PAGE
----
The current state of online television is basically that there's a variety of good content to watch, but not enough of it to attract the vast majority of couch potatoes. "Until the good chunk of content is online, there won't be much cord cutting," said Tim Twerdahl, vice president of consumer products for Roku, which makes the $99 Roku Video Player. "Popular channels such as Discovery and Food Network don't put that much online." However, the major players in online video are trying to close the gap between traditional and Web TV. For example, Roku now lets sports fans tune into live Major League Baseball games starting at $29.95 per year. The company's box also streams content from Amazon Video On Demand (www.amazon.com/videoondemand) and Netflix (starting at $8.99; www.netflix.com).
Cable's New Initiatives: TV Everywhere, On Demand Online The biggest hurdle that Hulu and YouTube face may be the cable companies themselves, which are already home to some of the most popular movies and TV shows. In June, Time Warner announced a partnership with Comcast to develop TV Everywhere, a model that was created to extend cable programming to the Web—free and on demand—for existing customers. The goal is to allow subscribers to view their favorite programming via the Web, and offer deeper content than Hulu and YouTube.
As part of this initiative, Comcast announced that it would kick off national trials of its new On Demand Online service in July, which would bring A&E, BBC America, CBS, Discovery, HBO, IFC, Starz, TBS, TNT, and other cable channels to approximately 5,000 customers, and serve as a test run of TV Everywhere's authentication technology. The content is available at Comcast.com, Fancast.com, TBS.com, and TNT.tv. On Demand Online will function very much like traditional on-demand services offered today via cable TV; you select a show to watch from a selection of content to which you currently subscribe. If a given show has ads when you view that same content on your TV, ads will appear in the online version. Similarly, such premium channels as HBO will lack commercials when streamed through the Web. Although late to the game, services such as On Demand Online are designed to show entertainment seekers that they can get more content than online-only services—if they're willing to not cut the cord. But would cable providers consider letting costumers pay for strictly online content? Don't hold your breath. "Cable companies have an entrenched business model," said Roku's Twerdahl. "It's not in their DNA to deliver a Web-only experience." A cursory glance at On Demand Online may cause some to agree. While content from Hulu and YouTube can be viewed on any Web-connected notebook, Comcast's new service is not yet mobile. "Right now it's available in the home," said Kate Noel, senior manager for corporate communications for Comcast. "The authentication technology recognizes the user as a Comcast subscriber." Noel wouldn't comment on the possibility of allowing non-Comcast subscribers to sign up for the service, but she did say that Comcast was working to extend On Demand Live beyond the abode of its subscribers. Noel added that, despite this key limitation, there's much to like about On Demand Online. "We bring customers significantly more content than what's currently online," she said. "Customers can watch more TV in more places than ever before." Subscription Fees Coming?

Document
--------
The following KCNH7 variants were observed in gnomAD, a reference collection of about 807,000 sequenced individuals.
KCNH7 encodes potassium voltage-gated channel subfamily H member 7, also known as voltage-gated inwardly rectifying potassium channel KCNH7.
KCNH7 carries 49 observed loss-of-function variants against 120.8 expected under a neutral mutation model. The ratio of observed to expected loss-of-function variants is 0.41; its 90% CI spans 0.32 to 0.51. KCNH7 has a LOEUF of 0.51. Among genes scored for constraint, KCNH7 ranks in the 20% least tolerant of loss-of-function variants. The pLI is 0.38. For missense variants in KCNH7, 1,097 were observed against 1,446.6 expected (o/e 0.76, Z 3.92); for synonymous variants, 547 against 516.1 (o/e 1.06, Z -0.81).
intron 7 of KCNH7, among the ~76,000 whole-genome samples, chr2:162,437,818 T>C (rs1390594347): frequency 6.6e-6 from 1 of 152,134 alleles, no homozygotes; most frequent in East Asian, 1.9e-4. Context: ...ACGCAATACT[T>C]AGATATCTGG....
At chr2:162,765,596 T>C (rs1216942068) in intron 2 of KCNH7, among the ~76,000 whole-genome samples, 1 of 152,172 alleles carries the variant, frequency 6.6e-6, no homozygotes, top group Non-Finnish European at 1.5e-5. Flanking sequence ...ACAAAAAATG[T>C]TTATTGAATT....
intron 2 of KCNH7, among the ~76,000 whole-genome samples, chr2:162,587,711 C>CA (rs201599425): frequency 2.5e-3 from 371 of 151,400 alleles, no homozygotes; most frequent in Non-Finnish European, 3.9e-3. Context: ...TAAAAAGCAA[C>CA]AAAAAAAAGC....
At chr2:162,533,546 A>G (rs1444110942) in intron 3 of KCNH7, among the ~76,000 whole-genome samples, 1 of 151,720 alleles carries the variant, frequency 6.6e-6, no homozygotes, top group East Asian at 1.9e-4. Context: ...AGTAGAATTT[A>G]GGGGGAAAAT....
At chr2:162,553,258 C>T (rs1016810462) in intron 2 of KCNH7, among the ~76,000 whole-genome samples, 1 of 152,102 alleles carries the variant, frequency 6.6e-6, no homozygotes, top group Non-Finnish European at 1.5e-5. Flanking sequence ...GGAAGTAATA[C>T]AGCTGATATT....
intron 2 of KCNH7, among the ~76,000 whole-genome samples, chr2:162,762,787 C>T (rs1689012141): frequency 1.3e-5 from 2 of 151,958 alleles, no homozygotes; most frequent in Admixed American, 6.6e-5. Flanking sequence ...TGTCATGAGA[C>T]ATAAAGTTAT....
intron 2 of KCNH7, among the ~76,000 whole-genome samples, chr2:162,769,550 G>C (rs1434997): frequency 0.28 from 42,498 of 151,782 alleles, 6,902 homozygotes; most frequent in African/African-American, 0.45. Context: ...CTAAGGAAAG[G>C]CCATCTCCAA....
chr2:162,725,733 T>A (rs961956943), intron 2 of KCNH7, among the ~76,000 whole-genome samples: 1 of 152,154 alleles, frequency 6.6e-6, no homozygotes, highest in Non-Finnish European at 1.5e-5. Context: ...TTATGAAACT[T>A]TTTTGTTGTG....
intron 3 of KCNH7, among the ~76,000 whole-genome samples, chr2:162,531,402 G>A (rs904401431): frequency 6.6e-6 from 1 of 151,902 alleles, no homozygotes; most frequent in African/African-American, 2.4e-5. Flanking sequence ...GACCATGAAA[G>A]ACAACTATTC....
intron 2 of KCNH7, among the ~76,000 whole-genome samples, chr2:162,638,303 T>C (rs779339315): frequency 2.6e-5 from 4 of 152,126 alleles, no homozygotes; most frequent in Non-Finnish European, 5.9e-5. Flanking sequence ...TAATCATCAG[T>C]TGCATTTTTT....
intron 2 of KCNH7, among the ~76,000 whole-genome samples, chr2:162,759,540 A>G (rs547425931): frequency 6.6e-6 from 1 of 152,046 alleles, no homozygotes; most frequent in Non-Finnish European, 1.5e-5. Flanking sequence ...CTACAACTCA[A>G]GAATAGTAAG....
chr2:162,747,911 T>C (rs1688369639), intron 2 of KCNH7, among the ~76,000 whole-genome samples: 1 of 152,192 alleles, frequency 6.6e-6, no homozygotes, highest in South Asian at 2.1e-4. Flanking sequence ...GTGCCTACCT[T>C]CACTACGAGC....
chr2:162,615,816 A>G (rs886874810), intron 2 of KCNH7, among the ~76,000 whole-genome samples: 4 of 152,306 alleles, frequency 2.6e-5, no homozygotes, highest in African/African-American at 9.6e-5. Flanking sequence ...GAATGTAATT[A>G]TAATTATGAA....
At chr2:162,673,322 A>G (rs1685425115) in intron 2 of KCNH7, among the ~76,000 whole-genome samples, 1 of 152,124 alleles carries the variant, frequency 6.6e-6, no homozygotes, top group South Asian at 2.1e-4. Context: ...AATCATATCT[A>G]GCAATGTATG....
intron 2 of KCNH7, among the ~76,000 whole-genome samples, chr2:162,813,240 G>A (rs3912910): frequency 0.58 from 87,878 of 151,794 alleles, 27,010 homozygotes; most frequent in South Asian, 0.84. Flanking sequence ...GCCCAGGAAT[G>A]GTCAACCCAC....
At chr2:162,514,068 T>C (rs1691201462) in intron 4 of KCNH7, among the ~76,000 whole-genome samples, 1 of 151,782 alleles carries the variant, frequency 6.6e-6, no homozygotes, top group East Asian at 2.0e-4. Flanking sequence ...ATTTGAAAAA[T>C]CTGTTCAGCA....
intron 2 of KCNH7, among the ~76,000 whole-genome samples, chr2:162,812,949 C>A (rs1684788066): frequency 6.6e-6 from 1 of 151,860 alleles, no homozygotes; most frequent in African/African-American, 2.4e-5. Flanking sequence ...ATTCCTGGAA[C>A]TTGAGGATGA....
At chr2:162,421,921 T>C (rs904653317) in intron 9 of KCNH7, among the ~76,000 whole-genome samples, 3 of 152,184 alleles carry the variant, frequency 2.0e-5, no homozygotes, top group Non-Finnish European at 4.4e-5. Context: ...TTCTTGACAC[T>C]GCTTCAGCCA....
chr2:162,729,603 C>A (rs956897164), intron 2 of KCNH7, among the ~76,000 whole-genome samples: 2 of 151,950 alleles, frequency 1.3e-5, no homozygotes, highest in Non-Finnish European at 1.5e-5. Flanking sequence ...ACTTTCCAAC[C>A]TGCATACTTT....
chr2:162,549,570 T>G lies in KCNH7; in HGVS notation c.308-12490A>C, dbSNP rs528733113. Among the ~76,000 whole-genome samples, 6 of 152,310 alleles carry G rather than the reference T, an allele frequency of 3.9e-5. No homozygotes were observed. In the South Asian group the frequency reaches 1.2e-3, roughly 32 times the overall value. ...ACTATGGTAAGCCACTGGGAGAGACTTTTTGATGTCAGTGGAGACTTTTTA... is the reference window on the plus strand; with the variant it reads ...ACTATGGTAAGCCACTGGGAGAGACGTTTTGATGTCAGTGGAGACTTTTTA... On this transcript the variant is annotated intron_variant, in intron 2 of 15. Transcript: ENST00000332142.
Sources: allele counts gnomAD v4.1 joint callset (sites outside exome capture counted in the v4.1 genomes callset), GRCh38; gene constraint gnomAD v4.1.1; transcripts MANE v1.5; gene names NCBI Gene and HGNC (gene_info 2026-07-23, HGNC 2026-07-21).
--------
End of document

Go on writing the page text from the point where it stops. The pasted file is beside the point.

With online advertising still in a slump and with cable companies looking to steal some of Hulu's thunder, could it just be a matter of time before Hulu pulls the plug on free online TV? Jonathan Miller, News Corporation's chief digital officer, has publicly stated that "the answer could be yes. I don't see why over time that shouldn't happen." News Corporation of course, is one of Hulu's backers. However, while it may seem inevitable that Hulu and YouTube will be forced to adopt a paid content model—at least as a premium option that supplies more content or less ads—some analysts believe that it will be a difficult transition. "It would be cool to pay $24.95 per month for all-you-can eat, or perhaps a pay-as-you-go plan, but that requires a strong infrastructure," said Roger Kay, president of Endpoint Technologies Associates. "It requires a lot of bandwidth, especially if you allow viewers access to full seasons." Kay believes that the ad-based models Hulu and YouTube currently employ are the best methods available to both, as neither company has a mechanism in place by which to accept payments. He stated that getting people to pay for content may be tricky, as not every studio may agree to participate. "Content owners can make the idea of a pay area difficult," he said. "Time Warner may do it, but Fox may not." Roku's Twerdahl agrees that Hulu and YouTube may not need to go pay. "Pay isn't inevitable; I think all models have a place," he said. "My take is that it's a matter of growing the audience."